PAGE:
When Astrid Lindgren was a little girl, a friend read her stories about the giant, Bam-Bam, and the fairy, Viribunda. Astrid Lindgren loved these stories. Some part of the author never grew up and the result is the enchanting adventures of The Children of Noisy Village, Ronia, the Robber's Daughter, and, of course, Pippi Longstocking.
"I write books for the child I am myself. I write about things that are dear to me--trees and houses and nature--just to please myself."
The ten Boom family lived a quiet, respectable life in the Dutch town of Haarlem. Corrie and her father made and repaired clocks. Her sister was their housekeeper. They were loved by the community. But in neighboring countries, Nazi Germany was rising, and soon it would sweep into the Netherlands.
Samantha Sotto’s Before Ever After is a magical, mysterious, and romantic treat. Shelley was a very locked-down person before she met up with Max, who took her and a bevy of eccentric souls on a European tour unlike any other. Stuffed into a VW microbus and crossing the English Channel, Max leads them on a truly fascinating tour off the usual path. Along the way, Shelley and Max fall deeply in love. It’s a pity it can’t last.
Rudyard Kipling, an amazingly gifted British writer who was born in India, tells stories of ghosts, gods, reincarnation, and the joys and madness of the human spirit in the collection, Tales of Horror and Fantasy.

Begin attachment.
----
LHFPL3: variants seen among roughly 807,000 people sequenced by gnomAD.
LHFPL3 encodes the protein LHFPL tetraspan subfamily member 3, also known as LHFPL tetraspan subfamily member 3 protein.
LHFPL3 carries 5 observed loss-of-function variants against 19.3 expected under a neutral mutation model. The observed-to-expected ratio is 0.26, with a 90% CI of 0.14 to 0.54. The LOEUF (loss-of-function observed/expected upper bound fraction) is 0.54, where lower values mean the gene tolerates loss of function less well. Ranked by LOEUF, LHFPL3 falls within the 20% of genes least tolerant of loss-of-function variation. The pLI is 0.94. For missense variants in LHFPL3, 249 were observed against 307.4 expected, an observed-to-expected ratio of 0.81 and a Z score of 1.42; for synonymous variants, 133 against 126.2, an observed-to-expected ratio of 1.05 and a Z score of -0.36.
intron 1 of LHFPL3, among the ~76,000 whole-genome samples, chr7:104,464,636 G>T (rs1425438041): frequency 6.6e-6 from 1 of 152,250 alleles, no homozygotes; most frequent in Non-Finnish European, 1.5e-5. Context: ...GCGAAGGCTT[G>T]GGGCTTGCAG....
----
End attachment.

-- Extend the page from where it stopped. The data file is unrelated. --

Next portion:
Karen Cushman’s The Midwife’s Apprentice draws readers into the past with the story of an unwanted girl making her own way in the perilous Middle Ages.
Best known for her Newbery Award-winning books, Jacob Have I Loved, as well as Newbery Honor winner, The Great Gilly Hopkins, Katherine Paterson's very personal style of storytelling strikes nerves with her readers, who are able feel her characters' emotions, giving them practice for dealing with life's sorrows. What keeps her books from being simple studies in misery is her ability to find the humor and grace in any situation.
Sisters Pearl and May Chin are “Beautiful Girls”—artists’ models in 1930s Shanghai. They live in amazing times in a modern city, dancing at nightclubs, dining at expensive restaurants, buying new outfits, and having lots of admirers. Neither college-graduate Pearl nor everyone’s darling May give much thought to their futures. They think they can go on like this forever, marrying as they choose, if they choose. Unfortunately for these Shanghai Girls, they are quite mistaken.
Edward Rutherfurd’s Russka is a sprawling, engaging book that delves into the lives of many generations who are determined to survive and even thrive in a Russian village.
No Girls! Go Home! You Won't Last!
As Kel surveyed the damage done to her room-- mattresses, sheets, and blankets strewn everywhere, desk drawers dumped out onto the floor, wall hangings sliced with a glaive, and that message scrawled so plainly on the plaster walls, she knew the battle to be accepted as page was just the beginning.